This past weekend we had a great time planting trees and shrubs in an area of Erindale Park in Mississauga as a part of our Natural Capital Program. Following a quick planting demonstration by Credit Valley Conservation, around 50 enthusiastic participants worked for over three hours (in glorious sunny weather) to get 250 plants in the ground.
Since its creation in 1992 the Waterfront Trail strives to connect urban and rural areas, and reconnect people to their communities and Great Lakes Waterfront. The Waterfront Trail serves as the linkage between over 405 parks and natural areas including wetlands, forests and beaches and stretches across 1400 km of shoreline from the eastern border of Ontario to the northwest (2). Over the years the trail has become a local favorite for leisure and recreation and is a place where people can go to reconnect with nature.
Locally, Toronto and Durham Region have made (and continue to make) a number of improvements for enhanced accessibility along their portions of the Waterfront Trail. A lot of work has gone into creating and enhancing trail segments, and now many neighboring communities are working collaboratively to link their sections for increased functionality.
On Wednesday, May 27th the City of Mississauga will be hosting an Open House in the Living Arts Centre. The night will showcase what Mississauga has planned to expand the Urban Greenbelt down the Credit River to the lake. Sierra Club has been following this project closely for many months and encourages its promotion.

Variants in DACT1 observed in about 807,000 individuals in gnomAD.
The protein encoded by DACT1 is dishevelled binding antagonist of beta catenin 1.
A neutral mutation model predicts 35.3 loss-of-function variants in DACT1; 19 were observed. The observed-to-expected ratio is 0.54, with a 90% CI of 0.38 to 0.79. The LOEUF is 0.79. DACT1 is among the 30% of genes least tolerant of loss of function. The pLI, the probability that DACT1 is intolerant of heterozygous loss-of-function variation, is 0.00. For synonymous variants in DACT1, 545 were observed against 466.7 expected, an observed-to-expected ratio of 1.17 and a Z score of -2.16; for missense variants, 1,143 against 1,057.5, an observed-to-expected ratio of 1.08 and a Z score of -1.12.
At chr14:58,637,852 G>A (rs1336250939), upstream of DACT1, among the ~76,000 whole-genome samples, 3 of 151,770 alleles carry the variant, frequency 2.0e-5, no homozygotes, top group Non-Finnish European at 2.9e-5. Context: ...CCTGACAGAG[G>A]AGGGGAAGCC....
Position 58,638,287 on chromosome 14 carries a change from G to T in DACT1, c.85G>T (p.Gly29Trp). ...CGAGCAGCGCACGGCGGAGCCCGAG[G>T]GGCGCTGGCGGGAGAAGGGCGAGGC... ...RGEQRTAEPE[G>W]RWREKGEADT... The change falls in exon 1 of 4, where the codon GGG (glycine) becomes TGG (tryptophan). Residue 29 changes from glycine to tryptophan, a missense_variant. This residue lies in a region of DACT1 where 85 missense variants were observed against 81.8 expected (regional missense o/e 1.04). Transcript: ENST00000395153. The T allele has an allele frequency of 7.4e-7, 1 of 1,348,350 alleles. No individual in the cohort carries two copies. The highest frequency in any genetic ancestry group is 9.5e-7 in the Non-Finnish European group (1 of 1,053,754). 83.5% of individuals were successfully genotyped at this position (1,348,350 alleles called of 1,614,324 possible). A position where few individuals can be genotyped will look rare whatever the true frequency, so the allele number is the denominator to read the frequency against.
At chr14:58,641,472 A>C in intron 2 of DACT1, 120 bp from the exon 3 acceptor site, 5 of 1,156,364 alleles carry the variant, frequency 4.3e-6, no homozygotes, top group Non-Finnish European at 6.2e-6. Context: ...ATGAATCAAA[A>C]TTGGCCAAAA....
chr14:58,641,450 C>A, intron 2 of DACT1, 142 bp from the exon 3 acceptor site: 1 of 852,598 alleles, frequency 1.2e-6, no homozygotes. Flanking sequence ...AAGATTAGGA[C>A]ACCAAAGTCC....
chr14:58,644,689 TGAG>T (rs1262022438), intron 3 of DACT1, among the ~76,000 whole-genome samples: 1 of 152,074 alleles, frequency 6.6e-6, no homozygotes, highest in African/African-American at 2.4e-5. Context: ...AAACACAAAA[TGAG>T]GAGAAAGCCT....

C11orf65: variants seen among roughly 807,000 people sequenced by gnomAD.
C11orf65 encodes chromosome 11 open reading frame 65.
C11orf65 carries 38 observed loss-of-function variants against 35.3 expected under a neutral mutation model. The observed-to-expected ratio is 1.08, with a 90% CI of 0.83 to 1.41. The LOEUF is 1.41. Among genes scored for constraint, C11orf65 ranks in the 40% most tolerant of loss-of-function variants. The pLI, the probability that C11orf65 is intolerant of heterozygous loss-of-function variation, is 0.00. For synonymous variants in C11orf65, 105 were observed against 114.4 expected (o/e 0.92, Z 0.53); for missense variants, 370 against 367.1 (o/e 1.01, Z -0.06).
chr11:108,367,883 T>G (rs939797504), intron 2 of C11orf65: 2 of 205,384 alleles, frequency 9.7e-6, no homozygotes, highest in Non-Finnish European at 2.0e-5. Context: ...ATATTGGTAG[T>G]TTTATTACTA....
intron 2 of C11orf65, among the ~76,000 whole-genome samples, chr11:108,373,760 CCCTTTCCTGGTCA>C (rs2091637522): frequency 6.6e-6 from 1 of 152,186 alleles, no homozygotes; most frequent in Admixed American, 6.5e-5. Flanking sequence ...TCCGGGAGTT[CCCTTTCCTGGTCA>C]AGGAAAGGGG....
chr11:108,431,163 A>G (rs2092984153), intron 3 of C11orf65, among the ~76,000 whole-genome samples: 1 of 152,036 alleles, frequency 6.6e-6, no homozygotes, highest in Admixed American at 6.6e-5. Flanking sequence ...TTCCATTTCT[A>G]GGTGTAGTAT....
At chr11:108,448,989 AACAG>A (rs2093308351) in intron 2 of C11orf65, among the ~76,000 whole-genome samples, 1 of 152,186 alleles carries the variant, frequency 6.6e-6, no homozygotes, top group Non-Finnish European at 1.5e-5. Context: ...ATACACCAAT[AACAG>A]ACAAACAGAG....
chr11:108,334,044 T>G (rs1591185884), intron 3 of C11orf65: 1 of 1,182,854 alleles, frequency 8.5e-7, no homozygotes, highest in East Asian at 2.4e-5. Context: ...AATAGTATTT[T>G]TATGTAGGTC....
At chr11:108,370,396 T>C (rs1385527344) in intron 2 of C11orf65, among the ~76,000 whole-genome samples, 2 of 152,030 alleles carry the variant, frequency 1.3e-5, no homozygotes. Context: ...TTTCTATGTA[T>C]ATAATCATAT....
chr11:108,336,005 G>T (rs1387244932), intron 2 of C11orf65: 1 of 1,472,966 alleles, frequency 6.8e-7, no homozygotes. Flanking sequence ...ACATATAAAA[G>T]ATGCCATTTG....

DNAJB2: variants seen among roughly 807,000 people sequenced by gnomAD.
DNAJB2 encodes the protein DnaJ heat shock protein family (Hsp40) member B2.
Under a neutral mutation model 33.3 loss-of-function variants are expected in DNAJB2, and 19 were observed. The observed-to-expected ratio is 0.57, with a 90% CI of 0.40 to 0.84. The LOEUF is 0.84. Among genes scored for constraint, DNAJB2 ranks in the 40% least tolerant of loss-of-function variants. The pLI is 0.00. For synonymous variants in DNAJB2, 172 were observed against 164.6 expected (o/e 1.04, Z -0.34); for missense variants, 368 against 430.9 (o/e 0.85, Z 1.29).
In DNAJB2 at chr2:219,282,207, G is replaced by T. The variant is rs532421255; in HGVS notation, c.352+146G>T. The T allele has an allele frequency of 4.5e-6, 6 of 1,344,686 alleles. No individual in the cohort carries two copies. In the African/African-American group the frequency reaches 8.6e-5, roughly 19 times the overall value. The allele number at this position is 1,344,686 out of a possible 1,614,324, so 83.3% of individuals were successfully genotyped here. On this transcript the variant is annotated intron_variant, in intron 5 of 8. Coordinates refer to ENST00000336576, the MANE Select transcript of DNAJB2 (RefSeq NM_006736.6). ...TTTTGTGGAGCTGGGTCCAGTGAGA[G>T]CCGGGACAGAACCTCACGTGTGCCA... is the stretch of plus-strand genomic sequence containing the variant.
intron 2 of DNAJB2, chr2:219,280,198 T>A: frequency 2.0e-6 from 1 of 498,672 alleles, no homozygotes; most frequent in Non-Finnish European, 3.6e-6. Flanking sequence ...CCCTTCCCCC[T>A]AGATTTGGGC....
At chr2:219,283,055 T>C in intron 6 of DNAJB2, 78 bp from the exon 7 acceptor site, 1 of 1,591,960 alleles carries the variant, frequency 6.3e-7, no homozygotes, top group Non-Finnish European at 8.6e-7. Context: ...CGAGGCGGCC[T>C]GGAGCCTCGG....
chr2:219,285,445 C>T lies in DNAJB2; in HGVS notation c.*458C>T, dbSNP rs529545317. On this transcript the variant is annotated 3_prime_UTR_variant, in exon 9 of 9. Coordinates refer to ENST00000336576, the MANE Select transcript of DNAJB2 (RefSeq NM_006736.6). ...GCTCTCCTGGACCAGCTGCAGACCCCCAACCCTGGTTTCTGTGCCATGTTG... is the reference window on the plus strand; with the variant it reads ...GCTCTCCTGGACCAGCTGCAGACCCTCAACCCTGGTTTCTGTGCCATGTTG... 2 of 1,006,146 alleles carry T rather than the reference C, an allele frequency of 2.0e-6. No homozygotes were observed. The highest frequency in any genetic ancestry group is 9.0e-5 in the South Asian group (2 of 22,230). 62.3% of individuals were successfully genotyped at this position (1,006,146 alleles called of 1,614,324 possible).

- Hope to see you there!
Our bioswale project was created in response to water quality issues affecting residents and visitors to the Ajax waterfront. In recent years, as a result of contaminated run-off, the Town of Ajax and its residents have had limited access to swimmable water and beaches and the bioswales are a perfect solution!
The structure of these bioswales resembles a rain garden and is designed to control storm water, reducing the amount overflowing onto the beaches. The bioswale mimics wetland processes by providing a planted area of trees and shrubs which will absorb and filter storm water as it is slowed by the soil and root systems of the plants—for free! This is a great way to enhance the waterfront and naturally filter contaminants like automotive run-off and road salts, while restoring the environment.
This article posted in Niagara At Large was written by John Bacher, who works with Greenbelt Program team at Sierra Club of Canada Foundation. The article depicts the darker side of urban sprawl and pollution on watershed quality, and how stopping urban sprawl is an imperative step in protecting our waters. Read the article here.
The provincial government is hosting a series of public consultations for the review of the province’s land use plans. So if you love the Greenbelt and want to protect our waters, now is the time to attend a Town Hall near your to voice your opinions.
For more information on the review process please visit the Ministry of Municipal Affairs and Housing website.